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Not sure this really addresses my issue. I am not being asked a fee to remove myself from any list.......i'm smart enough to not fall for that. While i agree with you that one should not have to ask to be removed from a list to which they never applied, nonetheless, this spammer  has somehow gotten my E-mail address and appears to be willing to allow me to remove myself from their list. If they were beaten up over this by SpamCop, wouldn't this be a logical thing to do. I guess only time will tell if indeed they were being co-operative?

29936[/snapback]

the general guidance is to "never unsubscribe to something to which you did not subscribe"

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At one time the FTC did a study on how many 'removes' actually work - IIRC, it was about 40%.

The odds are against you actually being removed from any list.

Miss Betsy

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I am surprised that the FTC figure (thanks to Miss Betsy) is so high.

If we are talking generalities, you can't go far wrong if you remember Rule # 1 - "Spammers lie". Why should they remove you from their lists? Because you asked? Like you asked to be spammed in the first place? Basic games theory - when "straights" and liars are in the mix, the liars come out on top. Accepting the FTC figure, in the majority of cases, when you unsubscribe, you are simply confirming your address for further use, presumably including resale - which can more than make up for the minority occasions when the removal request *might* be honored to a greater or lesser degree.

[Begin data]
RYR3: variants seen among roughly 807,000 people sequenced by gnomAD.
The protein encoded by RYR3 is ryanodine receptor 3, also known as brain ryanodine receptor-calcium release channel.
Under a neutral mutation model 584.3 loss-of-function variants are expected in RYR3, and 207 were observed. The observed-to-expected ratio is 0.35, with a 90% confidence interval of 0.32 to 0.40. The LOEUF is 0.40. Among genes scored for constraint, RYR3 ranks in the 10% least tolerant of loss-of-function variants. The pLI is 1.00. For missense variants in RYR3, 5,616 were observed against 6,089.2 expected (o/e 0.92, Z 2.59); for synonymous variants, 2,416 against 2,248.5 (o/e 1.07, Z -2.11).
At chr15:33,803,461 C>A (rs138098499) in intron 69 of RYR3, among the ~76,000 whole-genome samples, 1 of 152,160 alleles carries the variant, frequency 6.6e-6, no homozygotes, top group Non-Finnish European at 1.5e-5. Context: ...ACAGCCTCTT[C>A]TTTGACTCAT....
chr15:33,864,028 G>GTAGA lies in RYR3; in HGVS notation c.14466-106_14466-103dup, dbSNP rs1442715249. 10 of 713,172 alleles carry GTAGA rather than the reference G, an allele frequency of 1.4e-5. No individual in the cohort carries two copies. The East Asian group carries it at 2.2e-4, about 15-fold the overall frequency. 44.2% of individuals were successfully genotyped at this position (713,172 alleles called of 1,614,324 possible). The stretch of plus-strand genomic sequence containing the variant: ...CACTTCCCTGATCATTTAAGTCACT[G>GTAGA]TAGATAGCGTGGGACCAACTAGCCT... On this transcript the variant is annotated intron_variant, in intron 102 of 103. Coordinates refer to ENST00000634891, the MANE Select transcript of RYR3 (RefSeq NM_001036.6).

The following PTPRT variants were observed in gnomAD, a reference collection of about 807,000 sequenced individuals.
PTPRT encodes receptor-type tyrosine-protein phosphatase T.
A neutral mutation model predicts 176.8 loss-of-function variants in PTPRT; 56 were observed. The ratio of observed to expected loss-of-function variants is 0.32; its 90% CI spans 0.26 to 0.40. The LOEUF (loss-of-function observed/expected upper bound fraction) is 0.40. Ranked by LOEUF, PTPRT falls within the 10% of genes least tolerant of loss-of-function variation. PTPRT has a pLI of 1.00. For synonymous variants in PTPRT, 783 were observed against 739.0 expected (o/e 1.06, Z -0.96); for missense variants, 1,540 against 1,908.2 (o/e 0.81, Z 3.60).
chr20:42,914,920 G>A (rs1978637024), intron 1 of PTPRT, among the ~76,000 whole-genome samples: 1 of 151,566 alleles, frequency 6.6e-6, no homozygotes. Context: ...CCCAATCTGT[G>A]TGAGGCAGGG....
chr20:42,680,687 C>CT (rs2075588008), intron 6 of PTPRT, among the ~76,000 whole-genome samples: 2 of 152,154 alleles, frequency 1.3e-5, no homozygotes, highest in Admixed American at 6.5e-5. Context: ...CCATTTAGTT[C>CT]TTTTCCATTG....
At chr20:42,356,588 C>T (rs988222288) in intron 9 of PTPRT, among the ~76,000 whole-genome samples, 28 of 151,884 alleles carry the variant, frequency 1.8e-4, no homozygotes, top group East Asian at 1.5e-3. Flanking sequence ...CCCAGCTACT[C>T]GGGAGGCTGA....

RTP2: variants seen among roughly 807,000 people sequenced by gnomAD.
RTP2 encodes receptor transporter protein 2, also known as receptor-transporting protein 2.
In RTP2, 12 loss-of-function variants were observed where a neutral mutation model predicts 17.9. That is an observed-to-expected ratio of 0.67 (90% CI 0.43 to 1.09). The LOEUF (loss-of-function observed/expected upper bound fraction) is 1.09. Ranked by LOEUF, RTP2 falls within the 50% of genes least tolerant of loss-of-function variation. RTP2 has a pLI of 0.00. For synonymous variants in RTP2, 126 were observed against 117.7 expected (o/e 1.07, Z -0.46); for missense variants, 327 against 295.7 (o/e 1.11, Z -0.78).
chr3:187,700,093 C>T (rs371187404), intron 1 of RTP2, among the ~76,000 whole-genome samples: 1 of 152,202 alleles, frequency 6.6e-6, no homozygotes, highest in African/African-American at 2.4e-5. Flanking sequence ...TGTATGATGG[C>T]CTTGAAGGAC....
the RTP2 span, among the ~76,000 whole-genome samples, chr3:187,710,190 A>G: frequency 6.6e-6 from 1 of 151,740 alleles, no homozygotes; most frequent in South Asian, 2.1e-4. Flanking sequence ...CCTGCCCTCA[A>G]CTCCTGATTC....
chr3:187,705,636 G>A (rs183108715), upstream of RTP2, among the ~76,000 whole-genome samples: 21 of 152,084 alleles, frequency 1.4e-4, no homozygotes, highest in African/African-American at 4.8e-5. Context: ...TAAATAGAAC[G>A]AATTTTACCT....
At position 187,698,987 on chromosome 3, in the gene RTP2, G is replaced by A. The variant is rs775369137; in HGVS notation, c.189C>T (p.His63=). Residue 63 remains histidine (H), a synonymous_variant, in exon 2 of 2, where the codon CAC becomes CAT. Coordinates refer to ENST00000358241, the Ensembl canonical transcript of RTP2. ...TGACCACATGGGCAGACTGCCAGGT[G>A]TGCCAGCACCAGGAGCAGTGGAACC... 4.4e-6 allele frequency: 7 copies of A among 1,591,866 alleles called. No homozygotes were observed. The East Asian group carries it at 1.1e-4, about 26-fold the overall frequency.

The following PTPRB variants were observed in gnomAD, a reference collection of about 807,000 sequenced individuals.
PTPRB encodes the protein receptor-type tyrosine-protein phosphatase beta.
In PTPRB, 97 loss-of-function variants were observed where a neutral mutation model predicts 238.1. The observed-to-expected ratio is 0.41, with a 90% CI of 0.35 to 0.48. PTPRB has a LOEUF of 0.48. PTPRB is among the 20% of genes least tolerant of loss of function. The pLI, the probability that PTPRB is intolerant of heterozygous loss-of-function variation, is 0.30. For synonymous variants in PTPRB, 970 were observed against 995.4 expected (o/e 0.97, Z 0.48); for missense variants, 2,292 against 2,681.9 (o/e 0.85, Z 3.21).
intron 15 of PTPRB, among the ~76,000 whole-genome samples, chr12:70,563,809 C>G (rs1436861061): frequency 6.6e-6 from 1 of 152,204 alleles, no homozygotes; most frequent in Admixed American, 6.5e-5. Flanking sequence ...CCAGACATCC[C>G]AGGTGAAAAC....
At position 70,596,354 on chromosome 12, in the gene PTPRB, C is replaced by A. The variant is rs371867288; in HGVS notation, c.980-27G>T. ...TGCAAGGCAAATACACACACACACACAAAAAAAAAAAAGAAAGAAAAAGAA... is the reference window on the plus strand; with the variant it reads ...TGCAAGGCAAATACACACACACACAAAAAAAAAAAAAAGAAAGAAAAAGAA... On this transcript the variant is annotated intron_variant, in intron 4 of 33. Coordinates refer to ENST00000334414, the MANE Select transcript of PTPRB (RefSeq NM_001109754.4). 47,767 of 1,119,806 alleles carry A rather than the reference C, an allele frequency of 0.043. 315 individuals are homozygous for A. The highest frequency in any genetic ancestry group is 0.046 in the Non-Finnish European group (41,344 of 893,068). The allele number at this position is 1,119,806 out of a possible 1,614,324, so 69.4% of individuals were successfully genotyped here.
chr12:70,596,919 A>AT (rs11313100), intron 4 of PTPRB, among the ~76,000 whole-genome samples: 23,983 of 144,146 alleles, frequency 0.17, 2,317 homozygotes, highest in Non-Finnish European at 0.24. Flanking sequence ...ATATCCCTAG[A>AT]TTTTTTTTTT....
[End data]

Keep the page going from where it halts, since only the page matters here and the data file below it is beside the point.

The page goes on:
Having said that, I must confess I have followed the occasional "removal" link, in cases that seemed more than usually legitimate (remembering how good some of them can be at appearing to be almost legitimate). Whether it works or whether I was just lightwashed for a particular run is hard to say. But I know I still get the occasional offer of Chinese rubber goods. Maybe I should ask them to take me off their list again! I think I might actually miss the whimsicality of that particular company's "advertisements" if they unaccountably complied.

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nonetheless, this spammer  has somehow gotten my E-mail address and appears to be willing to allow me to remove myself from their list. If they were beaten up over this by SpamCop, wouldn't this be a logical thing to do. I guess only time will tell if indeed they were being co-operative?

29936[/snapback]

No. If they really take SpamCop serious, they simply remove you from their list. (Just to avoid further reports). No need for a confirmation...

Lukas

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I am surprised that the FTC figure (thanks to Miss Betsy) is so high. 

29947[/snapback]